Spending dipped 0.1 percent in April after rising for 10 months. This is the beginning of a period of little change while cutbacks in residential construction offset rapid expansion in the rest of the construction market. The value of starts measured by Reed Construction Data suggest near double-digit expansion of both nonresidential building and heavy construction well into next year. Housing starts will stabilize around the 1.9 million range later this year.
Spending is currently 10 percent higher than a year ago after a surge in the last three months. Yet more than half this gain is from inflation with materials costs for highway construction 13.7 percent higher than a year ago. Project starts are only 6 percent higher year-to-date vs. 2005, but according to Reed Construction Data, April starts — especially for bridges — were more than triple April 2005 starts. Spending will outpace inflation in states able to supplement federal funds.
Factory production expanded at a 6-percent pace through April to support double-digit gains in exports and business investment and to rebuild inventories. Production will continue to expand faster than the economy through next year as both the investment and export sectors continue to grow more than twice as fast as the domestic economy. The fastest expansion is for durable equipment. The output of nondurable goods will slip further below the overall pace of economic growth.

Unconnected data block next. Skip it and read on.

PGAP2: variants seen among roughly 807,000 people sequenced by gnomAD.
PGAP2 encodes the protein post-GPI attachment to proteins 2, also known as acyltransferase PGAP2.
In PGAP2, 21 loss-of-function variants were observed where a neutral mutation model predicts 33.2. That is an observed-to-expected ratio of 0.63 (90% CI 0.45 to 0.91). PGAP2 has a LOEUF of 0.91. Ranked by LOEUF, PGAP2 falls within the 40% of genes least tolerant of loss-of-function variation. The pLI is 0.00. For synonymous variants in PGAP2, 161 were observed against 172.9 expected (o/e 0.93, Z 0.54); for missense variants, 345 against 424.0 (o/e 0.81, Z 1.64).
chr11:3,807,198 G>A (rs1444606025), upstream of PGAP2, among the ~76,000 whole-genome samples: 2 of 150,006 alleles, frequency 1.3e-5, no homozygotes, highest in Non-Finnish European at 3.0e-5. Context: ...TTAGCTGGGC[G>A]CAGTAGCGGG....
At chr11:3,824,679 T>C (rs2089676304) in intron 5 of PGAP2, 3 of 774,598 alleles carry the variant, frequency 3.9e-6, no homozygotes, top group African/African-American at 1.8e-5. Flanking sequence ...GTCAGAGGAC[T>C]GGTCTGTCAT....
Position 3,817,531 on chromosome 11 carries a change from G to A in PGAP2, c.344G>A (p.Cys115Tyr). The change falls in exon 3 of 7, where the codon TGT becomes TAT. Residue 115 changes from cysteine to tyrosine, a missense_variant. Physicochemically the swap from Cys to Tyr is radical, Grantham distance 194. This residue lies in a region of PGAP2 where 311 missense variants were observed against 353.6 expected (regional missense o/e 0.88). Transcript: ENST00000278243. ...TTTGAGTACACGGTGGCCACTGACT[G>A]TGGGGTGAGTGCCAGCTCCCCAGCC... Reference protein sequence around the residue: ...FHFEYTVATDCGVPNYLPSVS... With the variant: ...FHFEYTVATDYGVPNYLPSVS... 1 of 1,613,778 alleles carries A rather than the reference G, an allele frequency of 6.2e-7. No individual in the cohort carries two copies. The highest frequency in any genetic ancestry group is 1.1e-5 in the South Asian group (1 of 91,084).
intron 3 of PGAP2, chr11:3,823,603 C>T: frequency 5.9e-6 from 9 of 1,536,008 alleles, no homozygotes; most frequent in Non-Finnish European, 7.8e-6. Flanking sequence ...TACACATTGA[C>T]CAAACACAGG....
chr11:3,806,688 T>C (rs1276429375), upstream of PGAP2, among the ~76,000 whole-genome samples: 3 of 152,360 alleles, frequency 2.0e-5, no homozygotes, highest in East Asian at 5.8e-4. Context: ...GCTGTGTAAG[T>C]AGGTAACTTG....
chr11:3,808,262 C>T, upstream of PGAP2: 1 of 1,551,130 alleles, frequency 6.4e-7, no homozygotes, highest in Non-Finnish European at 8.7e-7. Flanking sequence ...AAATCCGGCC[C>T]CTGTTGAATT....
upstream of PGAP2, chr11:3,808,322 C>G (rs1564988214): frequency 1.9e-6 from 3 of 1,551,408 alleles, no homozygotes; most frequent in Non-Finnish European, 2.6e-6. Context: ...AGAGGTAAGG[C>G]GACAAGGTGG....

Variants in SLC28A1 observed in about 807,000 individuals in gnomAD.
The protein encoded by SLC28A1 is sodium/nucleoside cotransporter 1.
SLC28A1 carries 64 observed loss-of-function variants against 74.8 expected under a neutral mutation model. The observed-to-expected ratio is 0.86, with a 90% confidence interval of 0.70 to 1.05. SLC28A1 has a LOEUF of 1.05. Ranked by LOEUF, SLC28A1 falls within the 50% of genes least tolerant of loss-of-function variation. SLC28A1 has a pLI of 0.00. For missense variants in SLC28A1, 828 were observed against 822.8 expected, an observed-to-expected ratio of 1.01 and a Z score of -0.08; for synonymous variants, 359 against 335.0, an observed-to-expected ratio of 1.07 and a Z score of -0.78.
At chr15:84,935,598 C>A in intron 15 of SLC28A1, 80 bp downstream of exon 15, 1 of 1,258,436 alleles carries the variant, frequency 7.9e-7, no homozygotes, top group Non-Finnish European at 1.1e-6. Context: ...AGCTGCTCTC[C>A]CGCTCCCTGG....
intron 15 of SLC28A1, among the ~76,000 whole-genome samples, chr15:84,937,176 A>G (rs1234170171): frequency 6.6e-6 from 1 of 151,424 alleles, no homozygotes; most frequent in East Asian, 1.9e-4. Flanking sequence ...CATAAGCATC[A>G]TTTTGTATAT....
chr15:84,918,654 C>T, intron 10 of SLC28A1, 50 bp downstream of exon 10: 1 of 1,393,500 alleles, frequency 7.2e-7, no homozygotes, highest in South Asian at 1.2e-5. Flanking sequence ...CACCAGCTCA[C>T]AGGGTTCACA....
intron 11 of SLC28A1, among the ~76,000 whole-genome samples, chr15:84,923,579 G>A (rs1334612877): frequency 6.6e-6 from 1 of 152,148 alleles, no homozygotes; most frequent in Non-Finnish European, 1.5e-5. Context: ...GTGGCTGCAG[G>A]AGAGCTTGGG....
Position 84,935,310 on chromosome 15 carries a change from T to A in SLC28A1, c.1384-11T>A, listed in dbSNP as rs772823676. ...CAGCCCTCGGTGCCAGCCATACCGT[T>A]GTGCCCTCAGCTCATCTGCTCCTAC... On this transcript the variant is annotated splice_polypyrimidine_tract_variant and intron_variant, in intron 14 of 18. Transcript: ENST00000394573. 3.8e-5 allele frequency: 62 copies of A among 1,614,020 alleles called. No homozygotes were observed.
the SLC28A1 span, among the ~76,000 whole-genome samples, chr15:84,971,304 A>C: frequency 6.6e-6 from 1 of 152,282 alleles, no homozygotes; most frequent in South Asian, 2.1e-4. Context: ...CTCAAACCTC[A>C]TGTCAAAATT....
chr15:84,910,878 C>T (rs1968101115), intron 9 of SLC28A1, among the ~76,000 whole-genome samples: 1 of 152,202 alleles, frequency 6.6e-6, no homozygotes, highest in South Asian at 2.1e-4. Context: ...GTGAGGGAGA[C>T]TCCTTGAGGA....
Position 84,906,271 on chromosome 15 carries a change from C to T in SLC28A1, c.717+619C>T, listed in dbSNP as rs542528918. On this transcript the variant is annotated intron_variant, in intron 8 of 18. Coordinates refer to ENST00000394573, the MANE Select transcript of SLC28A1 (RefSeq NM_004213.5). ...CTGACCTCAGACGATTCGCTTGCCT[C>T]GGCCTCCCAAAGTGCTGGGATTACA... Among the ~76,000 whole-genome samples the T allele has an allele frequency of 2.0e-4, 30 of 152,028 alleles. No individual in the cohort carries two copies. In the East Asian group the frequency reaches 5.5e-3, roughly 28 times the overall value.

Equipment prices are 5.5 percent higher than a year ago. Expect slower price increases ahead even though overall inflation in the economy will increase slightly and equipment import costs will rise as the value of the dollar is declining again. The price trend turnabout will come from both weak steel prices, due to foreign supply increases, and from the peak in capacity pressure on manufacturers at the end of last year.
Economic growth has slowed to 3.5 percent (averaging the post-hurricane decline and rebound quarters) and will slow further to a 3-percent pace by late next year. This is enough to support real construction spending growth at almost the same 3-percent rate. But it is also enough to cause modest further tightening in materials, labor and equipment supplies. Unusually strong exports and investment spending are largely offsetting weaker spending growth by consumers struggling with rising inflation.